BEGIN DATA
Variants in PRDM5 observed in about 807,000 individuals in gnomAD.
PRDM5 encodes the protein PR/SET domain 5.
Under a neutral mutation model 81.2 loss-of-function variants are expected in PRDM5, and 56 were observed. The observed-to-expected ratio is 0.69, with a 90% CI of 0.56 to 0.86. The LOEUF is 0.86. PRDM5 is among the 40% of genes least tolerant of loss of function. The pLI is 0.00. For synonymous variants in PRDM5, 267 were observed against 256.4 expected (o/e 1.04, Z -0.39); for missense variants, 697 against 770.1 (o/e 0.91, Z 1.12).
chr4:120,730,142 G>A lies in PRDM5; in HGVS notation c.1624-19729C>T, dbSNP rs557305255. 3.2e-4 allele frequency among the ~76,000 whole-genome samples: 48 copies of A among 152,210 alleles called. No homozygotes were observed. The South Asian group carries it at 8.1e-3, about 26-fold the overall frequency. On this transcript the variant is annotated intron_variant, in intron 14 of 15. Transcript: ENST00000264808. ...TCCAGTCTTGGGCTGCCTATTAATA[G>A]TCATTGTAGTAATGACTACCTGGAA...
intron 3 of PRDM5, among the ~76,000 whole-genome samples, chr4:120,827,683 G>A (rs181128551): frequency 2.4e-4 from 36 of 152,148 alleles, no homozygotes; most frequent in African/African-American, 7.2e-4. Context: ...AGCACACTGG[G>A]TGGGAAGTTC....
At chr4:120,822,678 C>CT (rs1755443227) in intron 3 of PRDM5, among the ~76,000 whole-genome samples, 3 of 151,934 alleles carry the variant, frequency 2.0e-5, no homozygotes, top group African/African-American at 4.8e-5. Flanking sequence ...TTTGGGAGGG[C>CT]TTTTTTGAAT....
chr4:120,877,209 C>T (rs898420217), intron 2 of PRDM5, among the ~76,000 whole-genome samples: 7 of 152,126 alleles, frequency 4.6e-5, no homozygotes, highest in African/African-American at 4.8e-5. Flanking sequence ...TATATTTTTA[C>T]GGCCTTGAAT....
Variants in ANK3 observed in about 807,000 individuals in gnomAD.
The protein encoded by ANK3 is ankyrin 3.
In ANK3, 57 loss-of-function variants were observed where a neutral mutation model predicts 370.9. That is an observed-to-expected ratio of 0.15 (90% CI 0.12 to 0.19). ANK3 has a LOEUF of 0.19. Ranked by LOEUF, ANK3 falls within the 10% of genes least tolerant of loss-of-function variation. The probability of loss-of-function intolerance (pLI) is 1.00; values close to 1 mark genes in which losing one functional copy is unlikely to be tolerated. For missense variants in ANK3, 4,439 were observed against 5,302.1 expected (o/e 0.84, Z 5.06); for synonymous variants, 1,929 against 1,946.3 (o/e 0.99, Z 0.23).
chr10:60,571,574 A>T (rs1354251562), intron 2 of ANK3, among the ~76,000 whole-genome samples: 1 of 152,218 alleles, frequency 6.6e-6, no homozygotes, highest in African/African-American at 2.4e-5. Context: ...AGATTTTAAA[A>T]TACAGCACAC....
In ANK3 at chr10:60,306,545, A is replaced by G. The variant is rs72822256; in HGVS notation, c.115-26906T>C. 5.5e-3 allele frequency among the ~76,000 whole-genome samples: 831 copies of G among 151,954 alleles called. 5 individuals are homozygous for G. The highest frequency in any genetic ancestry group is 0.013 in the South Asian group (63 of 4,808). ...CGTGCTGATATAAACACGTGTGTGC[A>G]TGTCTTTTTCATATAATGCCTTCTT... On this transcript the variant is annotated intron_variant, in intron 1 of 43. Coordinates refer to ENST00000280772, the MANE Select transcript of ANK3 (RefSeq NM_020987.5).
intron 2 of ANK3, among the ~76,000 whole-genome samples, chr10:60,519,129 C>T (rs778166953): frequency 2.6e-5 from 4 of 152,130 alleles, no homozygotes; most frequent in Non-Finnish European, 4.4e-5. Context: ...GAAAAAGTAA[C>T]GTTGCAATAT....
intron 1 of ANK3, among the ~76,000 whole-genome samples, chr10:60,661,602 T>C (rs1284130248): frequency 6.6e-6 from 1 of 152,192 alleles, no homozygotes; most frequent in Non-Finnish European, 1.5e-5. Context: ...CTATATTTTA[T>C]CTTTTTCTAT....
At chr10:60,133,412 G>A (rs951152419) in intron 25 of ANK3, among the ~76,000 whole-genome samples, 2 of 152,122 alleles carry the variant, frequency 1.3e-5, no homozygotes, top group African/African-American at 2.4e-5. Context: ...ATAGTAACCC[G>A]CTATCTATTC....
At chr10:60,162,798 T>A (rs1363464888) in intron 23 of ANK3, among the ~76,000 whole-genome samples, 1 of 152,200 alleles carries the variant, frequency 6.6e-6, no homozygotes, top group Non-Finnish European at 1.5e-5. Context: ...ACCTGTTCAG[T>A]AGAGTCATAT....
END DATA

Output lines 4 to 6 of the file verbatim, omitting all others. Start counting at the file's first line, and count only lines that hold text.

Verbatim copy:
chr4:120,730,142 G>A lies in PRDM5; in HGVS notation c.1624-19729C>T, dbSNP rs557305255. 3.2e-4 allele frequency among the ~76,000 whole-genome samples: 48 copies of A among 152,210 alleles called. No homozygotes were observed. The South Asian group carries it at 8.1e-3, about 26-fold the overall frequency. On this transcript the variant is annotated intron_variant, in intron 14 of 15. Transcript: ENST00000264808. ...TCCAGTCTTGGGCTGCCTATTAATA[G>A]TCATTGTAGTAATGACTACCTGGAA...
intron 3 of PRDM5, among the ~76,000 whole-genome samples, chr4:120,827,683 G>A (rs181128551): frequency 2.4e-4 from 36 of 152,148 alleles, no homozygotes; most frequent in African/African-American, 7.2e-4. Context: ...AGCACACTGG[G>A]TGGGAAGTTC....
At chr4:120,822,678 C>CT (rs1755443227) in intron 3 of PRDM5, among the ~76,000 whole-genome samples, 3 of 151,934 alleles carry the variant, frequency 2.0e-5, no homozygotes, top group African/African-American at 4.8e-5. Flanking sequence ...TTTGGGAGGG[C>CT]TTTTTTGAAT....